Calling the concept “inherently unsound,” Vuchic says that complicated and expensive guideways coupled with low density small vehicles doesn’t make sense anywhere. In big cities, he says, where transit needs could justify the cost of guideways, small low density cars can’t meet the need for transit. And in smaller cities, where such low density cars would be feasible, the cost of guideway infrastructure outweighs the need for such transit. “Consequently, the combination of the two features -- small vehicle and complicated guideway -- is paradoxical and makes the PRT mode impractical under all conditions.”

Tuesday, December 22, 2009

New Paper Critical of PRT for Winona, MN

From Michael Setty at PublicTransit.US:

OK, OK, we have spent way much more time on PRT than it really deserves, however...As a favor to the taxpayers of Winona, Minnesota, and for future cases of other municipalities suffering from the "Music Man" style of PRT salesmanship when it comes to town, we have posted a new paper debunking Personal Rapid Transit, "Professor" Harold Hill Pitches PRT to a River City on the Mississippi in Minnesota. Link is Even though this paper has been available only since the morning of Sunday, December 20th, it has already created quite a stir among the PRT hoi-polloi.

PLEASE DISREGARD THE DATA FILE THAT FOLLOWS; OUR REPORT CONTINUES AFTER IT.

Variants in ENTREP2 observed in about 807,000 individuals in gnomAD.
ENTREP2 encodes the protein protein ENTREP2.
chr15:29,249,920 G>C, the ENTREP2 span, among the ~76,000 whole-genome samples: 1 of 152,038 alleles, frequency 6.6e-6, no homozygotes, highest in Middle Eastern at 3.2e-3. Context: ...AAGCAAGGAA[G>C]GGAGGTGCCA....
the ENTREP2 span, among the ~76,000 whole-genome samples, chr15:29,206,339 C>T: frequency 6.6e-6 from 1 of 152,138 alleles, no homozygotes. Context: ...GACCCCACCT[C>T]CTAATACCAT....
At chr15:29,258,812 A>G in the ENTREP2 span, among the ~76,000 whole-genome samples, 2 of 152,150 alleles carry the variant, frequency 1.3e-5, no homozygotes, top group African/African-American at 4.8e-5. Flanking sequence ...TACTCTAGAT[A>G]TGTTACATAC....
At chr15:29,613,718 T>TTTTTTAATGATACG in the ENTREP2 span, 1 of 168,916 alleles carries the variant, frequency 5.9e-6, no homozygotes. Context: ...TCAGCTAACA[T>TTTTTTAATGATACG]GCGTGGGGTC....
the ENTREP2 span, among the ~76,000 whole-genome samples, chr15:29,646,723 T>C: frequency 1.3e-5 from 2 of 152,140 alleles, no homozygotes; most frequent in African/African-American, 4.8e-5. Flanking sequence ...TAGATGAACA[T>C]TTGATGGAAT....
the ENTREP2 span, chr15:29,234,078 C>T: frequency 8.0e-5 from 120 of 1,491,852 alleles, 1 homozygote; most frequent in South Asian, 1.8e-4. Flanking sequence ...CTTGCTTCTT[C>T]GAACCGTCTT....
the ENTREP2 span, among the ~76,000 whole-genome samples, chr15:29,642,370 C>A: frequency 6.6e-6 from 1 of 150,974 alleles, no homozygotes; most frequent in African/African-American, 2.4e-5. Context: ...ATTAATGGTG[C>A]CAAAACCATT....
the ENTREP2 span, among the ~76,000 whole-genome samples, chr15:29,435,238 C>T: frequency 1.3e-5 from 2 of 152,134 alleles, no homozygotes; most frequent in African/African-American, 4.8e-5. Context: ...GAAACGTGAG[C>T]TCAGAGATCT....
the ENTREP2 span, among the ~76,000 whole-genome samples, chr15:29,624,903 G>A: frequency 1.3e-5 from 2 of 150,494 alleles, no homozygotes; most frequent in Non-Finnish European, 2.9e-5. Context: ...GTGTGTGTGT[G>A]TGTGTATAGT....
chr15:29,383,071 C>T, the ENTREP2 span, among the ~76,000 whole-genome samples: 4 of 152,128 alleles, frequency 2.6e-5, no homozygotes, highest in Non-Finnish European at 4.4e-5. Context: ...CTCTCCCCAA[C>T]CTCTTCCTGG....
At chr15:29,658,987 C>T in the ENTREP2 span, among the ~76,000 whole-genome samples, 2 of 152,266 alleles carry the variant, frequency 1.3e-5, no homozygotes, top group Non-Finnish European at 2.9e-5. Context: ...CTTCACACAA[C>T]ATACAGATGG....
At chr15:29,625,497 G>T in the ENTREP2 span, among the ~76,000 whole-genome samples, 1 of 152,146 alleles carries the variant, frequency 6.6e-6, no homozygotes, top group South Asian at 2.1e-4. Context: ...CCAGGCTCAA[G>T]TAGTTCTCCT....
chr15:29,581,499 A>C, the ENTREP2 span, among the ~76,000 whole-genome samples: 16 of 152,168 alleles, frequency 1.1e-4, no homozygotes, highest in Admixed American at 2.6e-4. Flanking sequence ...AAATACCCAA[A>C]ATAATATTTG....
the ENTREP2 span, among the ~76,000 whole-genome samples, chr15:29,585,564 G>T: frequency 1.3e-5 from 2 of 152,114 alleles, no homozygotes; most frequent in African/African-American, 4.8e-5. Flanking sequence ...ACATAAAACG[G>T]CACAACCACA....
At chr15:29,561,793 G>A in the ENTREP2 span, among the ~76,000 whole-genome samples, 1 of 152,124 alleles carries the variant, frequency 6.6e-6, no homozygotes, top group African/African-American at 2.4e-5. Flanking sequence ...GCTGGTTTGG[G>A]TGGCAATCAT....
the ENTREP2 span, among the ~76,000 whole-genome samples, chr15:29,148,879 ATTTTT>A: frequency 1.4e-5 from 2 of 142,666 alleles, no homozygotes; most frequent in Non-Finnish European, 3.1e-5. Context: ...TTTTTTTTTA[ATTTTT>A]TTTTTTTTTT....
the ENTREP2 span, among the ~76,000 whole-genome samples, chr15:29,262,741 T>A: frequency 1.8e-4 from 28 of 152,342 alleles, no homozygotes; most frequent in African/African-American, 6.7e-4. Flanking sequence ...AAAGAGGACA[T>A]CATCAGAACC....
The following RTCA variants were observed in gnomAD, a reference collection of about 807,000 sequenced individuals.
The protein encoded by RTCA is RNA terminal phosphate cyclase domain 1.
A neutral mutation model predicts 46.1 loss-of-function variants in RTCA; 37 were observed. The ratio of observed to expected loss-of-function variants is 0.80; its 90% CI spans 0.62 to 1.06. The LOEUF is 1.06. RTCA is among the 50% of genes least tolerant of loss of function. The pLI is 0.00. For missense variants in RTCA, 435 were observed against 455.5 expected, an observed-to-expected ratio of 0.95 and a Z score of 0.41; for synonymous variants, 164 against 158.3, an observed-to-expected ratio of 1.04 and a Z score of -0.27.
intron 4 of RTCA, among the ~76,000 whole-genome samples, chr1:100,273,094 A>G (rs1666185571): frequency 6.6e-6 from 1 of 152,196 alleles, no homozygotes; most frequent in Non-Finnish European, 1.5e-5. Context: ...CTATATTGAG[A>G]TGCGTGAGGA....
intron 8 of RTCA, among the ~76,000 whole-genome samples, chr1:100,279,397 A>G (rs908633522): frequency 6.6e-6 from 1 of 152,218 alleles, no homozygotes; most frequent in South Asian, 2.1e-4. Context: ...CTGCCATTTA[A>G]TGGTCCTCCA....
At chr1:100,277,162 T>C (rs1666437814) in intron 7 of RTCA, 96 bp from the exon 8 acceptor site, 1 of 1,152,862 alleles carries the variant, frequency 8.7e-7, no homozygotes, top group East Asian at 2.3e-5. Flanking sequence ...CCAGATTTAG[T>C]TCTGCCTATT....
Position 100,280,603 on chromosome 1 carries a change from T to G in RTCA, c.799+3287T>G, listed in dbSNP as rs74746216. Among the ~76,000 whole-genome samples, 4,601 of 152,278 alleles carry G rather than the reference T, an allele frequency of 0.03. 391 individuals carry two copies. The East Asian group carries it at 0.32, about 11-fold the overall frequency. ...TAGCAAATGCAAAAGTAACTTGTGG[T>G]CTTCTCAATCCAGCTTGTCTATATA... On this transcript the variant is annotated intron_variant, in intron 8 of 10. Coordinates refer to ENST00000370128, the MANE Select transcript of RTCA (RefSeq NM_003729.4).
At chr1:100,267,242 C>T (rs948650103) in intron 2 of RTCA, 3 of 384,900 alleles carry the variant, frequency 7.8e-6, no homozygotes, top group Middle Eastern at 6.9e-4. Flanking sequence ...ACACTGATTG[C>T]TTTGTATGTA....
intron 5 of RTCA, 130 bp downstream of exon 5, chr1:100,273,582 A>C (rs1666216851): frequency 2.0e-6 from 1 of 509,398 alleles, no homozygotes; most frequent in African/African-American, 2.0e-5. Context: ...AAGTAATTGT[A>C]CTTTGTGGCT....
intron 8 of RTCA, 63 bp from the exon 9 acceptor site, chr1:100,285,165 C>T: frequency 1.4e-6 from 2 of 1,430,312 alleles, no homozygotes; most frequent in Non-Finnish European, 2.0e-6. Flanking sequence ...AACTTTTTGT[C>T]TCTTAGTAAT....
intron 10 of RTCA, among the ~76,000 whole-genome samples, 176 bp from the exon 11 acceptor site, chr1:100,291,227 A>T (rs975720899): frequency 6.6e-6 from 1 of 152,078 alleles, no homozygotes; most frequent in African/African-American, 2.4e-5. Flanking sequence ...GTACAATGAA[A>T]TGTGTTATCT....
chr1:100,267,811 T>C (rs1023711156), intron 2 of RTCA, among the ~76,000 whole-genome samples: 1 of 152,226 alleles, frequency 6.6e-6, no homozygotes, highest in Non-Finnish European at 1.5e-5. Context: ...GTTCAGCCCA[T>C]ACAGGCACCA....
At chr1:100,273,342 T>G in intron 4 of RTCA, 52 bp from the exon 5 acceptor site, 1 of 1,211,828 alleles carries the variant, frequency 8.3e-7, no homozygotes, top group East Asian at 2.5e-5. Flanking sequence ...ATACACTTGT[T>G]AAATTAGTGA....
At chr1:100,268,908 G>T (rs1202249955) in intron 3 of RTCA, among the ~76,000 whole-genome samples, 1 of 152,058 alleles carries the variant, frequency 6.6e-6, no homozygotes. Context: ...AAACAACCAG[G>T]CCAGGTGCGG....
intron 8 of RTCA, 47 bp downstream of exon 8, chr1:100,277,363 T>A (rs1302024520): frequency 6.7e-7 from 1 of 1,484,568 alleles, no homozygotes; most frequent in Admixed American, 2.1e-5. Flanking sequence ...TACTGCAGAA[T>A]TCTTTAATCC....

This is an excellent paper.

This paper will join Personal Rapid Transit – Cyberspace Dream Keeps Colliding With Reality and the Central Loop OKI report, and Professor Vukan Vuchic's writings as essential reading for citizens, public officials and investors who have been approached by the PRT guys.

Sunday, December 20, 2009

Editorial: "Space pods seem a little too far out "

Winona Daily News:

Last week, Winona learned of a plan by city leaders to court public funds and private investors in a collaborative effort to develop a model for personal rapid transit systems.

They’ve been dubbed “space pods,” because drawings of such a system depict streamlined bubbles on tracks that pass by not-too-distant-future type buildings.

For a moment, though, let’s pause on that thought — just drawings.